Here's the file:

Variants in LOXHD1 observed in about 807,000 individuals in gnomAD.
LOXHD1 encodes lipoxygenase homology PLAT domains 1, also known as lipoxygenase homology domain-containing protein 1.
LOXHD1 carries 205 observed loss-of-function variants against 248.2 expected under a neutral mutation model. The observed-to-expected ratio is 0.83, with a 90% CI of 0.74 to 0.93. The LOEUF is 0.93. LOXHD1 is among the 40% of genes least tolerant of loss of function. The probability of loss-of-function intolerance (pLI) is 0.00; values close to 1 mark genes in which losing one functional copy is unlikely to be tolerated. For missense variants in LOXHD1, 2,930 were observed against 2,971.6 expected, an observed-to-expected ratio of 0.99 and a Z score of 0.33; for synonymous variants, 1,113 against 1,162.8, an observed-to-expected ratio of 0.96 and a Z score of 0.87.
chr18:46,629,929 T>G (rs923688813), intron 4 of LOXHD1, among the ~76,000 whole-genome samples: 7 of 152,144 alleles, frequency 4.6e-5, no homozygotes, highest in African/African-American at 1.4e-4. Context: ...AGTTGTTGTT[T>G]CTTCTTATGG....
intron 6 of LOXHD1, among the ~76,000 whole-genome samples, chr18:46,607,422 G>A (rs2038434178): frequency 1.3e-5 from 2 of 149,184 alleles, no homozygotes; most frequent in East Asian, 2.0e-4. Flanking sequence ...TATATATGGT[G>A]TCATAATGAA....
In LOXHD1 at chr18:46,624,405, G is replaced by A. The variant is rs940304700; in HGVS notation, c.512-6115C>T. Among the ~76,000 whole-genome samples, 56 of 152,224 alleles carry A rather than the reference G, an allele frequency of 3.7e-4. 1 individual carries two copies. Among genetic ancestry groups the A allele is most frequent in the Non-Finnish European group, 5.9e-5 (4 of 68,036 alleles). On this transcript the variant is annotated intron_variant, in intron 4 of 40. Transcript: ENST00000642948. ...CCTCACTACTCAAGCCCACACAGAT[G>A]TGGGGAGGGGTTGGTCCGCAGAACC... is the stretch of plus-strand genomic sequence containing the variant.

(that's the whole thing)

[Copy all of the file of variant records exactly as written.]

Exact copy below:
Variants in LOXHD1 observed in about 807,000 individuals in gnomAD.
LOXHD1 encodes lipoxygenase homology PLAT domains 1, also known as lipoxygenase homology domain-containing protein 1.
LOXHD1 carries 205 observed loss-of-function variants against 248.2 expected under a neutral mutation model. The observed-to-expected ratio is 0.83, with a 90% CI of 0.74 to 0.93. The LOEUF is 0.93. LOXHD1 is among the 40% of genes least tolerant of loss of function. The probability of loss-of-function intolerance (pLI) is 0.00; values close to 1 mark genes in which losing one functional copy is unlikely to be tolerated. For missense variants in LOXHD1, 2,930 were observed against 2,971.6 expected, an observed-to-expected ratio of 0.99 and a Z score of 0.33; for synonymous variants, 1,113 against 1,162.8, an observed-to-expected ratio of 0.96 and a Z score of 0.87.
chr18:46,629,929 T>G (rs923688813), intron 4 of LOXHD1, among the ~76,000 whole-genome samples: 7 of 152,144 alleles, frequency 4.6e-5, no homozygotes, highest in African/African-American at 1.4e-4. Context: ...AGTTGTTGTT[T>G]CTTCTTATGG....
intron 6 of LOXHD1, among the ~76,000 whole-genome samples, chr18:46,607,422 G>A (rs2038434178): frequency 1.3e-5 from 2 of 149,184 alleles, no homozygotes; most frequent in East Asian, 2.0e-4. Flanking sequence ...TATATATGGT[G>A]TCATAATGAA....
In LOXHD1 at chr18:46,624,405, G is replaced by A. The variant is rs940304700; in HGVS notation, c.512-6115C>T. Among the ~76,000 whole-genome samples, 56 of 152,224 alleles carry A rather than the reference G, an allele frequency of 3.7e-4. 1 individual carries two copies. Among genetic ancestry groups the A allele is most frequent in the Non-Finnish European group, 5.9e-5 (4 of 68,036 alleles). On this transcript the variant is annotated intron_variant, in intron 4 of 40. Transcript: ENST00000642948. ...CCTCACTACTCAAGCCCACACAGAT[G>A]TGGGGAGGGGTTGGTCCGCAGAACC... is the stretch of plus-strand genomic sequence containing the variant.